Eaten by bedbugs on my Mexico cruise — is this enough compensation?

By | September 22nd, 2016

A cruise can be a terrific culinary experience, from fine dining restaurants to the midnight buffet. But customers don’t expect to be on the menu.

That’s exactly what Robbin and Paul Coaxum say happened to them when they sailed from Los Angeles to Mexico on the Norwegian Cruise Line (NCL) Jewel this spring. They say they were eaten — by bedbugs.

“A few days into the trip I noticed I had a few bites,” says Robbin Coaxum. “Paul notified the housekeeper, the front desk, and an officer on the ship. Later that day, we returned to the room to find several NCL staff going through the cabin.”

At first, the cruise line said it would only have to change the bedding. But later, they admitted they’d found a “bedbug infestation” and told them they would have to change rooms.

Things just got worse, she says.

We were moved to stateroom 11562, which had a horrible creaking sound. I put on earplugs, and Paul stayed up most of the night.
The next couple of days were spent with different engineers coming through cabin 11562 to resolve the noise issue.
On Friday, we were offered another stateroom, but the damage had been done — our vacation was ruined, and we just wanted off the ship.

When the Coaxums returned to Los Angeles, they consulted a doctor, who verified that the bites were, indeed, bites.
“I had numerous bites over 75 percent of my body,” Robbin Coaxum says. “My doctor stated that my bedbug bites were the worst case she has seen. My husband also went to the doctor and was diagnosed with bedbug bites.”

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The couple missed work while they recovered from the ordeal. But that wasn’t the worst part.

“I was left with permanent scars — dark spots — over most of my body,” she says.

While on the cruise the Coaxums were given a $300 credit, and NCL has offered $500 toward a future cruise, and $200 for onboard credit within 1 year.

They asked for more. Between the medical bills, the lost vacation time and the emotional scars, the Coaxums felt the least NCL could do for sticking them in a bedbug-infested cabin was to refund their cruise. Here’s how the cruise line responded:

It has been brought to our attention that our efforts have not satisfactorily resolved your concerns. As requested, your file was reviewed once again for a comprehensive evaluation.

After a thorough review of your file, it was determined that your concerns were appropriately addressed and the offer extended to you is in line with our compensation guidelines. While we are sorry to learn of your continued disappointment with our previous responses, our position in this matter remains firm.

NCL agreed to turn the onboard credit into a cruise credit, if they wanted. But otherwise, the offer remained the same. Take it or leave it.

“I feel that NCL knew before we got on their ship there was a bed bug problem in stateroom 11112,” Robbin Coaxum says. “Given the extent of my injuries I feel we should be reimbursed the $2,714 we paid for the cruise. Is this unreasonable?”

It is not. We decided to contact the cruise line on the Coaxums’ behalf. The response? Another “no.”

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There’s not much more we can do, except to issue a warning about stateroom 11112 on the Jewel. Bedbugs can happen anywhere. Even when a cruise line or hotel admits that one of its cabins or rooms is infested, the damages are entirely up to the company. The Coaxums could hire a maritime lawyer to go after NCL, but it’s probably not worth their time.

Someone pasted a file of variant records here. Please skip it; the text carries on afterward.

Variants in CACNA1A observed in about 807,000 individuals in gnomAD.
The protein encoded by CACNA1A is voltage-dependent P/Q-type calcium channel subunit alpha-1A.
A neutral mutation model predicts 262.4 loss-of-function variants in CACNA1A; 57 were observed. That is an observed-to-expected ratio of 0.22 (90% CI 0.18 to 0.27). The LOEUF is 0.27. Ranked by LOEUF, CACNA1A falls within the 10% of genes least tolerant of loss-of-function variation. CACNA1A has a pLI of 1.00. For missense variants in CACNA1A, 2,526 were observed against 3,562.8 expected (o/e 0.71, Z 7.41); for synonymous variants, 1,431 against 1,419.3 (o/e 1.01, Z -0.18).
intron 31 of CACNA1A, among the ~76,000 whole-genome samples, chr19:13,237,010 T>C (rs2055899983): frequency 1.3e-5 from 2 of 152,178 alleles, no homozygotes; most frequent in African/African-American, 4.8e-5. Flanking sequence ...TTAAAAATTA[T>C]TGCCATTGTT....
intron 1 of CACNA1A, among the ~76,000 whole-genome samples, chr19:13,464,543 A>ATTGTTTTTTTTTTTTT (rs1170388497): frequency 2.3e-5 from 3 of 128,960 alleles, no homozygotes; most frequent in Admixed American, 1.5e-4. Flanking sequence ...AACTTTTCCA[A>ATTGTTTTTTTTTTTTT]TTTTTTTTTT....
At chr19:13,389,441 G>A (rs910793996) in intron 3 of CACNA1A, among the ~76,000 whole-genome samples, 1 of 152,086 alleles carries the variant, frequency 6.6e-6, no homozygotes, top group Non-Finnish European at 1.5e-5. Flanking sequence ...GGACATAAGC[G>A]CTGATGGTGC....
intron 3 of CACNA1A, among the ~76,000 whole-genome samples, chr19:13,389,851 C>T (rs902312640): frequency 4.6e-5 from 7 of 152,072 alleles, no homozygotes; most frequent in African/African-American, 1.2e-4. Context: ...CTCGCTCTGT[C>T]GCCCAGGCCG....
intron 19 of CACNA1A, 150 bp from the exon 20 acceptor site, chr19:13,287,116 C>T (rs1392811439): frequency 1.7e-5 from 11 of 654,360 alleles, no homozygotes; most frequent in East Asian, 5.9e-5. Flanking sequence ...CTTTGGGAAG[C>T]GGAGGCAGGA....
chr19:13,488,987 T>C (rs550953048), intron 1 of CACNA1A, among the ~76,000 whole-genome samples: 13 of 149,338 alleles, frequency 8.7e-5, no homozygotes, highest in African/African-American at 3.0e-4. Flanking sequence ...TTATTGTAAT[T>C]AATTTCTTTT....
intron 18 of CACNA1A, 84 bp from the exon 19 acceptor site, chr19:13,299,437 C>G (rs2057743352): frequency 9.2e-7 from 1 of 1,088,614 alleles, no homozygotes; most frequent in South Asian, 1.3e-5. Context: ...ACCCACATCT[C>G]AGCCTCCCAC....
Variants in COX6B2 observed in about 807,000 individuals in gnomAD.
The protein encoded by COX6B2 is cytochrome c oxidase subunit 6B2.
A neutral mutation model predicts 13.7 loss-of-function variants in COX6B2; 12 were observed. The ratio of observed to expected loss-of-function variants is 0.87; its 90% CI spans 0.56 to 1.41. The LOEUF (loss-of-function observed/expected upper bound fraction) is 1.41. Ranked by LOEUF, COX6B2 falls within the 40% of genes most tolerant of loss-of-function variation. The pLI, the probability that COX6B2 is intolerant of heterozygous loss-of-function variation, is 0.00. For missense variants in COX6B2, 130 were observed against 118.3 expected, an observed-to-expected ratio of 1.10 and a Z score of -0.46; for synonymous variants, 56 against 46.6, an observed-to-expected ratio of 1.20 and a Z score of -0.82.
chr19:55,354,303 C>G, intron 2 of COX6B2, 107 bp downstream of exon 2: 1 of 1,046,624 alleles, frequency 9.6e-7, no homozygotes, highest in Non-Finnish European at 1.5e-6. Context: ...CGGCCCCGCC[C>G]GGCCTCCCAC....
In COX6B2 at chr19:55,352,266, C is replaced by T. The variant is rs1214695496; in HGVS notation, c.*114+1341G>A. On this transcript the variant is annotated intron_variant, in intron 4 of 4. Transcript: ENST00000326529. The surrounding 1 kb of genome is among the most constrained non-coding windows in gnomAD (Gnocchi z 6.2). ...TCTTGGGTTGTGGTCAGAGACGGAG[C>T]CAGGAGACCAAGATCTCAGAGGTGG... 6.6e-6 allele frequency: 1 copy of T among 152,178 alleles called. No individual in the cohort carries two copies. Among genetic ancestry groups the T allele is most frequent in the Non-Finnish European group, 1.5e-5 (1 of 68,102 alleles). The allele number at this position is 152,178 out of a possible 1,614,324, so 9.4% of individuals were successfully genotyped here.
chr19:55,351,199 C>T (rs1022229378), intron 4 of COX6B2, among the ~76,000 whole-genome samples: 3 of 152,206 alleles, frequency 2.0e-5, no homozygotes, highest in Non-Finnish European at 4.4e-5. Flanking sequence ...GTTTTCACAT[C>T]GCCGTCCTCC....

What an unfortunate ending to this story. But I know there are some of you out there who love cruising and will probably say NCL’s offer was generous and appropriate. I guess this is your chance to tell the Coaxums how nice NCL was to offer a cruise credit. You’ll forgive me for not being so enthusiastic about the settlement offer.

Did NCL offer the Coaxums enough compensation?

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  • mbods2002

    Taking them to court might actually be worth their time. Their cruise was ruined, they missed worked to heal, doctor’s bills and black scars. NCL may end up paying more than $2,700…..

  • Jeff W.

    There will be many opinions as to what the amount should be. But what is really disappointing is that the amount offered ($1000 from what I can tell) was in onboard credits and for a future cruise. That is the bigger insult, that you need to spend more money in order to get our settlement.

    NCL did not offer any compensation, as they would have to purchase another cruise to collect what they offered. As I doubt they would ever cruise on NCL again, this is worthless.

  • 42NYC

    Legally, yes. Realistically, no.

    The bad press from this story is more than the damages being requested. Further, as cruise lines always try to sail out full (amazing deals to be had if you want to book a cruise 48 hours in advance) im guessing they new there was a problem with the 2nd room.

  • For most bedbug attacks, the worst aspect of it is not getting a few bites at the hotel, but having your home infected when you return. Not everyone has the foresight to throw away their luggage and clothing before arriving home and walk into the house naked. Usually you face months of expensive pest control.

  • Rebecca

    I will start out by saying bedbugs in your cabin can certainly ruin a cruise. I don’t feel the compensation is appropriate, especially considering they have to spend more money with the company to use it.